Dinosaurs @ Your Library!

Last summer we repeated one of our popular standalone programs – DINOS!  It had been a few years since we did this program and, as many of you know, I recycle these themed programs at least every 2-3 years.  (unless it’s something very pop culture-y that has dated.  But that’s a rarity.) Since last summer was all about Jurassic World this felt like a good time to bring dinos back.  I also like this theme because it’s somewhat generic and not tied to a specific property, which I think you should ALWAYS throw some non-property related events – it makes you feel less like some kind of marketing firm. So, this time we made it an evening event.  Again, I’ve written about how I think it’s very important to have evening events – even when they stretch staff – so that working families can make it.  Dino Night was a huge success. Here’s how we did it.

15 minutes of story and intro

We made a giant pile of fiction and non-fiction dinosaur books to have out for patrons to check out – which we do for all these events … if you’re not here for the book what’s the point? But I chose to read When Dinosaurs Came With Everything by Elise Broach,  delightfully illustrated by David Small. This is a slightly longer picture book that requires a little more imagination, has very silly pictures, and makes grown-ups have to deal with dinosaurs for making their children suffer through errands.  What’s not to love?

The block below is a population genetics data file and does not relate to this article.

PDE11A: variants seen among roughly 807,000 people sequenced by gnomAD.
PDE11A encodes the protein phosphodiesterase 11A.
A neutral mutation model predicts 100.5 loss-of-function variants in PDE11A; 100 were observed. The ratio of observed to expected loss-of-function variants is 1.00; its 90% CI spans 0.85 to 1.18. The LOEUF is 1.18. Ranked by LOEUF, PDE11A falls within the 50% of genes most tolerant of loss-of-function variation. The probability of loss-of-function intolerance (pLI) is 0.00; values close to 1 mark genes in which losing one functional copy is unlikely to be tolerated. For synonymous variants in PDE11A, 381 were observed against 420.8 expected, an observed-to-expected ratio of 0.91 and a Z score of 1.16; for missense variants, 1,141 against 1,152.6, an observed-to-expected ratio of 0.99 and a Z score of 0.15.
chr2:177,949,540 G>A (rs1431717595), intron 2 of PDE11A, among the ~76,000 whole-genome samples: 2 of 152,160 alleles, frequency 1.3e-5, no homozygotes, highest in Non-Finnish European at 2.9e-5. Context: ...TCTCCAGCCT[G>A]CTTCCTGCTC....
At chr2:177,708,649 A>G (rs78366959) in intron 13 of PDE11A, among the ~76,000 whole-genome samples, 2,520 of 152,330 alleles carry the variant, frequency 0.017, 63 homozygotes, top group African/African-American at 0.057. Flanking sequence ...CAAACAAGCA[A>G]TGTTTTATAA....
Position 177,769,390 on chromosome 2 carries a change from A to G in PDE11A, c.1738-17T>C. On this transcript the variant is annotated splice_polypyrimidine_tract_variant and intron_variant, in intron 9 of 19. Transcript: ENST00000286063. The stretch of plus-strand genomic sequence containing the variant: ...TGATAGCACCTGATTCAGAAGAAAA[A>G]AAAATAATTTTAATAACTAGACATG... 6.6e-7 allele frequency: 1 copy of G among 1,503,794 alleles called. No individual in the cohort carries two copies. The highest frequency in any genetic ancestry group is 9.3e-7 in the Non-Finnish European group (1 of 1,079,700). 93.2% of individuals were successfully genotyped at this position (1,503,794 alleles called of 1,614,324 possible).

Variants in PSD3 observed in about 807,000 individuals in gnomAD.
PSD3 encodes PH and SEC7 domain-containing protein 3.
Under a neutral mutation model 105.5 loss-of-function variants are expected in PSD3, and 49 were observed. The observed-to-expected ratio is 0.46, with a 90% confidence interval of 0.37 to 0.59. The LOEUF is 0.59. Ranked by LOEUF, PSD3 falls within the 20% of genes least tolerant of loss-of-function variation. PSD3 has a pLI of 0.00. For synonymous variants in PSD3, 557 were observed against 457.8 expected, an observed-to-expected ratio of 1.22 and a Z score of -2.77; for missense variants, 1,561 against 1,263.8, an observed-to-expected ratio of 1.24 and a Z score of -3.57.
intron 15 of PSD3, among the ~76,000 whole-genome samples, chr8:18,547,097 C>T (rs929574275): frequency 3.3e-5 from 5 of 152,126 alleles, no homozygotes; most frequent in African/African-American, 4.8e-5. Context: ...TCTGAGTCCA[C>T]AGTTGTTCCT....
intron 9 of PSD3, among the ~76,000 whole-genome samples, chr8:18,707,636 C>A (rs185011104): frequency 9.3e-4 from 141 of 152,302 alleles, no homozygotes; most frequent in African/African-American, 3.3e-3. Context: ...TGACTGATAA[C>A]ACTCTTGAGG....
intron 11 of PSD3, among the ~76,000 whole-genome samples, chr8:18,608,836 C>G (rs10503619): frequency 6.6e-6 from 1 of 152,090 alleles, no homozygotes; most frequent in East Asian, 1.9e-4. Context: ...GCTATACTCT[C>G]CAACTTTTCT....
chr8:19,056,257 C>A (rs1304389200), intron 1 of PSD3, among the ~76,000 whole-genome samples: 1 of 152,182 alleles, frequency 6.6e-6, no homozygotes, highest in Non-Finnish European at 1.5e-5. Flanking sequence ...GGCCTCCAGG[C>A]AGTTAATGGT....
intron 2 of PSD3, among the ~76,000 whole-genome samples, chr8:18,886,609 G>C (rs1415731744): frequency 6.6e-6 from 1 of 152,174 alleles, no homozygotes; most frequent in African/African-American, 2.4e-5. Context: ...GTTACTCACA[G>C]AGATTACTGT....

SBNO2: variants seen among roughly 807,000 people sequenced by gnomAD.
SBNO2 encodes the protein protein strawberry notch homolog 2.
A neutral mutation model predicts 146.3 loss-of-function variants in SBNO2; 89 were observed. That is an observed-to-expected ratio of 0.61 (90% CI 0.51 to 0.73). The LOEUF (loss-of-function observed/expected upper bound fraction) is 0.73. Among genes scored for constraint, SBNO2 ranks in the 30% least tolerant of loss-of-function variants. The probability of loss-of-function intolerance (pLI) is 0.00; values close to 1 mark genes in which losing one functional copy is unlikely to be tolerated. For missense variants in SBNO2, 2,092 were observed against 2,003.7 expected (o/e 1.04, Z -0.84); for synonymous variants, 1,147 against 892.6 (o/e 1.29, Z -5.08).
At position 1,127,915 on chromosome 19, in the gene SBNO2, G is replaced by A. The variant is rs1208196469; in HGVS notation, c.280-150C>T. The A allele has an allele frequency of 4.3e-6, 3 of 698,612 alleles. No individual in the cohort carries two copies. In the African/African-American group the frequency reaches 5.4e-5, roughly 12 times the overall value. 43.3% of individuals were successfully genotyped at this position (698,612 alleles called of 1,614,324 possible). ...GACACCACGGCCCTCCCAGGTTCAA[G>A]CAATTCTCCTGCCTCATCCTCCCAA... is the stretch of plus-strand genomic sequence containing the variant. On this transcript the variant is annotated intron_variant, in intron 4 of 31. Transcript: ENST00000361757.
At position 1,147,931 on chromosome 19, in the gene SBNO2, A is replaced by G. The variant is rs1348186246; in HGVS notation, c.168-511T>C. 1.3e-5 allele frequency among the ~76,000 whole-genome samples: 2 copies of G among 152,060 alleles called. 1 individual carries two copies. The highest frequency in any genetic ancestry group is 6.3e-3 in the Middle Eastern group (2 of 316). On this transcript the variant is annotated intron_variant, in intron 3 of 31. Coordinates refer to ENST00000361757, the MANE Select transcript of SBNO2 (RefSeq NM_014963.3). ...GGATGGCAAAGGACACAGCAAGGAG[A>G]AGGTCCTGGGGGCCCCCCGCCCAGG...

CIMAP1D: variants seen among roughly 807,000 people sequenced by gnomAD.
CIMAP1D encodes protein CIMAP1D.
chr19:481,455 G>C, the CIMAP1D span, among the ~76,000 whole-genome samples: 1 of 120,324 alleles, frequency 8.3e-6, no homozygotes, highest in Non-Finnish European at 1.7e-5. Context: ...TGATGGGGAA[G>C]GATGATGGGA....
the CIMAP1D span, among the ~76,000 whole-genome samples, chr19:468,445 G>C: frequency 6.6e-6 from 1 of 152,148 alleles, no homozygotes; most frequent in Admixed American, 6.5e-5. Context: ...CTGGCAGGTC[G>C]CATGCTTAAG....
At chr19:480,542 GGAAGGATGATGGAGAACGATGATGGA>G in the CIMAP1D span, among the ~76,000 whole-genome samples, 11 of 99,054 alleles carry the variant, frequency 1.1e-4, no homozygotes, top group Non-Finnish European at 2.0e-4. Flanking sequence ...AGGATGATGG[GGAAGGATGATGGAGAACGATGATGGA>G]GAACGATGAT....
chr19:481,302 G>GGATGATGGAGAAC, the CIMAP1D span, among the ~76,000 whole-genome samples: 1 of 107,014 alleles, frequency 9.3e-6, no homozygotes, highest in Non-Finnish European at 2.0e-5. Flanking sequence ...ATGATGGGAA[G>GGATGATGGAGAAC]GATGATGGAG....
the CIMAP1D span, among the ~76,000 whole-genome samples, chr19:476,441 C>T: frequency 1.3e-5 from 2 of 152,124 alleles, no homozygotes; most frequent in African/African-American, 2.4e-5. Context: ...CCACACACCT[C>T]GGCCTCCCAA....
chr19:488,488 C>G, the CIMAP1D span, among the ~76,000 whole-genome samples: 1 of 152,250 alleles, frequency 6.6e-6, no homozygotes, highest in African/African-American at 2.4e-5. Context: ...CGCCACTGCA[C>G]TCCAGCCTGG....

dinos

We also threw in a staff sing-along of Five Little Dinosaurs– which is basically Five Little Ducks but WITH DINOSAURS.  Instead of mother duck calling “quack quack quack”, mother dinosaur calls “roar, roar, roar” – and of course the crowd must roar along with us or else the little dinos will never make it home.  They loved this! We made one verse “flap, flap, flap” for the flying dino and the chance to flap our hands!  Here’s my awesome staff in action calling those dinosaurs home.

dino yell

Melissa made foam dino feet – which I chose not to wear because I would have literally tripped over them and cracked my head open in 2.5 seconds.  But they were easy to make, so you could make them as a costume and they COULD be a cute craft – but we didn’t have enough foam and we really didn’t want to sit with each kid measuring their feet one by one.  (we like to keep it fast!)

dino feet

45 minutes of craft and games

Of course we had a scavenger hunt (dinos, dino hunt leaders, feathered dinos) as ever.  We print out ten images, tape them up around YS, and send kids to find them with a look and find sheet. Always a huge hit and a good way to split up the crowd.

DINOSAUR MASKS! Kids colored their dino masks and then attached them to popsicle sticks using glue dots (two must haves: putting the masks on popsicle sticks is such an improvement over trying to get them around kid’s heads with string and glue dots over glue sticks are the ultimate.) Fun stuff.  Note: we do lots of masks and headbands/crowns as crafts.  Do kids ever get sick of them?  I don’t think so.  They are such a fun prop and they encourage the best imaginative play.  It feels like a fun costume, even, and it’s a good take home.  I highly recommend them as an activity. Here’s one of our favorite library patrons with his mask.